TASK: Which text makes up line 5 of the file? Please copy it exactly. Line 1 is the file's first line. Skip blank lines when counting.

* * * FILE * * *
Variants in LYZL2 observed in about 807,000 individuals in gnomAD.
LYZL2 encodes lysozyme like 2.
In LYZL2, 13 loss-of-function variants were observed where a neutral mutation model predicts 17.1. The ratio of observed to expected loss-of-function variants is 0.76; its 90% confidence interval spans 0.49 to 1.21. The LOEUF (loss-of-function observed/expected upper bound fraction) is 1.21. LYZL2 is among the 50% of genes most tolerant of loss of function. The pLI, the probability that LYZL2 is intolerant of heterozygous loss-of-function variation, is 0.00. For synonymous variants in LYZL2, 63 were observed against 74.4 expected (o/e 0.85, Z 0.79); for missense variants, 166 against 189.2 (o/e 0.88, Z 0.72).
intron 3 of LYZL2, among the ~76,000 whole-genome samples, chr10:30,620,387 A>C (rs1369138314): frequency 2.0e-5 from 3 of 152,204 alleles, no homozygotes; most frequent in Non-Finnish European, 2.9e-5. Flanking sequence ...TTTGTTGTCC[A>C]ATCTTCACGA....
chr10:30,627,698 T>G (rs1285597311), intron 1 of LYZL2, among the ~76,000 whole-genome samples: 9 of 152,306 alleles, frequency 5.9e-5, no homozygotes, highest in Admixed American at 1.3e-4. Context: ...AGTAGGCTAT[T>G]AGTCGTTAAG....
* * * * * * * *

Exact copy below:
chr10:30,627,698 T>G (rs1285597311), intron 1 of LYZL2, among the ~76,000 whole-genome samples: 9 of 152,306 alleles, frequency 5.9e-5, no homozygotes, highest in Admixed American at 1.3e-4. Context: ...AGTAGGCTAT[T>G]AGTCGTTAAG....